Stoning of Soraya M., The (2009)

Rated: R for a disturbing sequence of cruel and brutal violence, and brief strong language.
Length: 114 minutes
Grade: CDBC=C+
Budget: Perhaps $2 million?
Box Office: $1 million (637,000 U.S., 449,000 Intl.)

Written and Directed by: Cyrus Nowrasteh (First major movie), cowritten by Betsy Giffen Nowrasteh (First script), based on the book by Freidoune Sahebjam
Starring: Shohreh Aghdashloo, Mozran Marno, and Jim Caviezel
With: Navid Negahban, Ali Pourtash, and David Diaan.

A French journalist travelling in Iran is stranded in a remote village by his car breaking down. While there, a woman tells him the story of Saroya M., a young mother who just the previous day was falsely charged with adultery and stoned to death.

Entertainment Value: C
It’s difficult to assess this movie as entertainment, because as such it really isn’t. It’s very unpleasant to watch and the fact that the ending is known in advance removes any of the dramatic tension you might normally have. The story itself is based on a real account which a French-Iranian journalist published in 1998 in an effort to reveal the life of Iranians since the fall of the Shah, particularly with regards to the oppression of women. The script, acting, and direction are all good. I just can’t describe it as entertaining.

Superficial Content: D
Drugs/Alcohol A, Sex/Nudity A, Violence D-, Language C
Almost all of the movie is in subtitles, so the language, such as it is, is read not heard. The subject matter is allegations of adultery, but there is no sex or nudity at all. In fact, you hardly see anything but women’s faces or hair. The real issue is violence, which involves a woman showing bruises, being slapped, and ultimately an extended scene of her being stoned to death. This scene will remind you of the imagery in Passion of the Christ, which isn’t a big surprise with Caviezel’s presence and one of the Producers having produced that movie as well. It’s hard for me to tell you what age this is appropriate for, since it depends on whether you think children should be shown injustices such as the Holocaust. But the violence and occasional strong language certainly justify the R rating.

Significant Content: B
The entire point of the movie is to show what injustice looks like and how it happens in corrupt societies. In a world where women have no standing and men are subject to being manipulated and deceived, especially where the justice system is not transparent, grave evils can be done in the name of moral purity. The other lesson is about the importance of being loyal to both the truth and to decent people who are threatened by evil. Unholy men pretending to work under the authority of God (Allah) do unspeakable things.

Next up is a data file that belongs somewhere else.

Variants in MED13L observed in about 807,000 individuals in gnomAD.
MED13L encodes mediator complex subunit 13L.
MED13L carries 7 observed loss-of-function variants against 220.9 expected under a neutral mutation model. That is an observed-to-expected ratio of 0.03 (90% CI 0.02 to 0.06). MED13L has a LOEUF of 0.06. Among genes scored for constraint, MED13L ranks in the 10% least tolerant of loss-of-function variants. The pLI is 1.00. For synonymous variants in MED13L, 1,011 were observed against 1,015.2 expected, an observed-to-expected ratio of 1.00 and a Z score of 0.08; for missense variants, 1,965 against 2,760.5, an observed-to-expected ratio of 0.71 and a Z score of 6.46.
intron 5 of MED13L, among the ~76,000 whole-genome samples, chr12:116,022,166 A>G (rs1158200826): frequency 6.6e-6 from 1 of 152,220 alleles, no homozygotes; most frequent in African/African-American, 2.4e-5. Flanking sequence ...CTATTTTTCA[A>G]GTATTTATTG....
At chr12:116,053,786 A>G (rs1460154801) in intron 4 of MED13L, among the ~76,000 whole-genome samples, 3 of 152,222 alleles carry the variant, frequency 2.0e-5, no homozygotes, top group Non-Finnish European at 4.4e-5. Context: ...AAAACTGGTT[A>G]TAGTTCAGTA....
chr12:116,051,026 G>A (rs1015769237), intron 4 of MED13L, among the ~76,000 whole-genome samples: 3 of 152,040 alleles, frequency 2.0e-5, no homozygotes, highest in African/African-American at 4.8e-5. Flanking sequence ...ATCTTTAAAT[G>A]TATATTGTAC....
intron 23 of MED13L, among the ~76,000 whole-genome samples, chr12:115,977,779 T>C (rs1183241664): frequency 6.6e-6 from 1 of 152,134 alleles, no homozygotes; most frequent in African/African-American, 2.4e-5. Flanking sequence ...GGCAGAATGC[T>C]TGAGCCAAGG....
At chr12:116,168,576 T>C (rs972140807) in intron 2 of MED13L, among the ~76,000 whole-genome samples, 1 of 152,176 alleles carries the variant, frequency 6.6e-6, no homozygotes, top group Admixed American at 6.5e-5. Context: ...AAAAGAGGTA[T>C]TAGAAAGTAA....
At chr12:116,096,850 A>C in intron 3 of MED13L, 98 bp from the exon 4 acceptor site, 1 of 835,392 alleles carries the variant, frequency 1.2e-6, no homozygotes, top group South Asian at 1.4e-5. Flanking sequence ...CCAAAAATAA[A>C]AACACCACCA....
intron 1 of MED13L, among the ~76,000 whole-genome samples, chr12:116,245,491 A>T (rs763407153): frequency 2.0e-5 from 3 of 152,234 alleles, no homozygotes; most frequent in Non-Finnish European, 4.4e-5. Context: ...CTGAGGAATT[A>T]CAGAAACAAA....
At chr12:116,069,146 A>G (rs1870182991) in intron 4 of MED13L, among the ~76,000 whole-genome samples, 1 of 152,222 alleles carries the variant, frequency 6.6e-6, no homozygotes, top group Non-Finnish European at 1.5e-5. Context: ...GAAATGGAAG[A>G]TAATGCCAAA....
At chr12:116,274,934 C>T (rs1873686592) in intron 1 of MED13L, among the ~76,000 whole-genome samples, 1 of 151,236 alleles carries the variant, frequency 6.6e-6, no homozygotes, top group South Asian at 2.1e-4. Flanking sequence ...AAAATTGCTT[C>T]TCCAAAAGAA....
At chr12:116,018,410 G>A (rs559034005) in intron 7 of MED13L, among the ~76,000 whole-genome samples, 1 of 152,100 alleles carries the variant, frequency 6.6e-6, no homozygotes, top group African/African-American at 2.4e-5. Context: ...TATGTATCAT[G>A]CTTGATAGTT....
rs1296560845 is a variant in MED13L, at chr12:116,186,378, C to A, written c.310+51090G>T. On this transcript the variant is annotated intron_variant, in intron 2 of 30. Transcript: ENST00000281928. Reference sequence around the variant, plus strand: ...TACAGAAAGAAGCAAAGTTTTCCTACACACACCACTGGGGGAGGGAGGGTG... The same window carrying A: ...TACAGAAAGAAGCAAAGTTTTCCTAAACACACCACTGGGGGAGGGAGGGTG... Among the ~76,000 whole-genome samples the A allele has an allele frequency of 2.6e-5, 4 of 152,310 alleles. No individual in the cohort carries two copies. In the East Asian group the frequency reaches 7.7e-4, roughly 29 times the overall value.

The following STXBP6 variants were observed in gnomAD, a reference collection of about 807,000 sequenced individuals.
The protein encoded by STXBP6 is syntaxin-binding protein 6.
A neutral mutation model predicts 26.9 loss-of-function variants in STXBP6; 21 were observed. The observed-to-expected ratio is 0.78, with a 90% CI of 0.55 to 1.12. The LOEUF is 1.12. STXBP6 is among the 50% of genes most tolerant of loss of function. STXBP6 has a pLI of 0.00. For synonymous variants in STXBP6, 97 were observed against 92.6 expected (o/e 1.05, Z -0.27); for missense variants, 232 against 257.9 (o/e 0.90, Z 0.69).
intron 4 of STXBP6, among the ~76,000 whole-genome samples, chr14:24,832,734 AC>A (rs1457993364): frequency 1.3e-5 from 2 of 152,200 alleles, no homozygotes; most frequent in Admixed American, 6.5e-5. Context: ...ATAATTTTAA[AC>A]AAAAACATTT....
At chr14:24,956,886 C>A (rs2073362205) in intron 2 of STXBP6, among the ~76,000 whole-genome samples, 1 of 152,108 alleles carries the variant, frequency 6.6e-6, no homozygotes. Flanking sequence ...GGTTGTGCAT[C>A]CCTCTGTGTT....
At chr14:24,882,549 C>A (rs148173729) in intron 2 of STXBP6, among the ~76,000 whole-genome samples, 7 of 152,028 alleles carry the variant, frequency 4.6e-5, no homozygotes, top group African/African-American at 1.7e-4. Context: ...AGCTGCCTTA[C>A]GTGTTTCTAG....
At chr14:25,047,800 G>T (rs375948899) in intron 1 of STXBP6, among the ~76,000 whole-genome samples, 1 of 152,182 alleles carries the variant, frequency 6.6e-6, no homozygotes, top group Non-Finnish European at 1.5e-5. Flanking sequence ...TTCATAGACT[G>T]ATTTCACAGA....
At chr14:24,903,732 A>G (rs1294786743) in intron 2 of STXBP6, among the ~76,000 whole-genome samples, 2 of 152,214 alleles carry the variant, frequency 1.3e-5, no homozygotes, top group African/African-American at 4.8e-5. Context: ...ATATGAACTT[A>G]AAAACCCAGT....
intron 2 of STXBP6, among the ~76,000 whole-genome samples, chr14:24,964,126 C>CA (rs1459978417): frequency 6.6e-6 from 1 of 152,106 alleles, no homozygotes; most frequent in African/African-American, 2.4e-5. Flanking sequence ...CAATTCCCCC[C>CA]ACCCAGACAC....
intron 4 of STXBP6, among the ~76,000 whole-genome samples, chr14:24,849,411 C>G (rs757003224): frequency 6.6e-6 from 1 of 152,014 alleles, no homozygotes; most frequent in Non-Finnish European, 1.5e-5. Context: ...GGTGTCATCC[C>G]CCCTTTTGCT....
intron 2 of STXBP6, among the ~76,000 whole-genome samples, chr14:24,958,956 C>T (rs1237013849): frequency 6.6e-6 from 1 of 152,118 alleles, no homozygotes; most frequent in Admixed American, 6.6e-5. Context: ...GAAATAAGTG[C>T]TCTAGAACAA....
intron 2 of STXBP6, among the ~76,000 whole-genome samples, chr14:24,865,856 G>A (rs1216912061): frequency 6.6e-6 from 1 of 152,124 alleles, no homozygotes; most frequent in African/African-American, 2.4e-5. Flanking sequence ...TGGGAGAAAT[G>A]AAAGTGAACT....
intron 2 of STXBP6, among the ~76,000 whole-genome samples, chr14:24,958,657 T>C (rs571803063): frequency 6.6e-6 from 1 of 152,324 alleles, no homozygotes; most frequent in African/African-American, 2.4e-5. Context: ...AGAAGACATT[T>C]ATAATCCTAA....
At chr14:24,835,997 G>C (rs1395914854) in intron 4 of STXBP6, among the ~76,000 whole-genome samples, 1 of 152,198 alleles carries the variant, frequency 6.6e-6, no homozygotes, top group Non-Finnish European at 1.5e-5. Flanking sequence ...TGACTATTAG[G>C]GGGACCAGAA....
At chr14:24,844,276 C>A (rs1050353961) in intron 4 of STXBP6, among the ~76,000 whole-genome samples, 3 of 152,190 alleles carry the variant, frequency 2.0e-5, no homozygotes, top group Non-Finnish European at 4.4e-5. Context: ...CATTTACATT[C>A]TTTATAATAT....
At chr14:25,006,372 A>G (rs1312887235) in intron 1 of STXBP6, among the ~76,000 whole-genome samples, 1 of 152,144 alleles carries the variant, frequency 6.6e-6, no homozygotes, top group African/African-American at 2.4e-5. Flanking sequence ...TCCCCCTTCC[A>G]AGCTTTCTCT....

Artistic/Thought Value: C
From the point of view of producing a horrified reaction, this is good art. But in the “what can I do with this” point of view, there’s really no answer anywhere on the horizon. “Just know it happens,” doesn’t seem to be a very useful response. Perhaps we can put ourselves in the various shoes of this movie and ask how we might behave differently, but the setting is so remote that it’s hard to make that cognitive leap.

Discussion Questions:
~What features of American society do you take for granted that in this movie are missing? What features of our justice system might have averted this end result?
~Does this movie seem more to be saying how awful repressive regimes are or how capable of evil ordinary people are? How much of the injustice of this movie is attributable to Iran’s Islamic status and how much to mere individual evil and manipulation?
~What messages does this movie have about gender oppression and the importance of men not having sole authority over women?
~Adultery is a capital offense in the Old Testament. Do you think adultery should be punishable at all today? What sort of issues about such crimes does this movie raise?
~Looking at each of the characters in this movie, if you had advice to give them, what would you say? How would you behave differently? How might being a Christian have changed any of them?
~The mayor seems at two different times to be on the verge of interceding because of possible signs from God. Have you ever failed to heed that sort of a warning from Him?

Poignant or memorable scenes:
~The opening scene, when Ebrahim doesn’t want to work on the car because he’s tired. How does Caviezel pressing money into his hands strike you in retrospect?
~The stoning, especially with the boys.
Overall Grade: C+
I don’t think I can really recommend this movie, but I will say that if you want to get a behind-the-scenes sense of frustration and injustice in an Islamic state, especially concerning the mistreatment of women, this will do.

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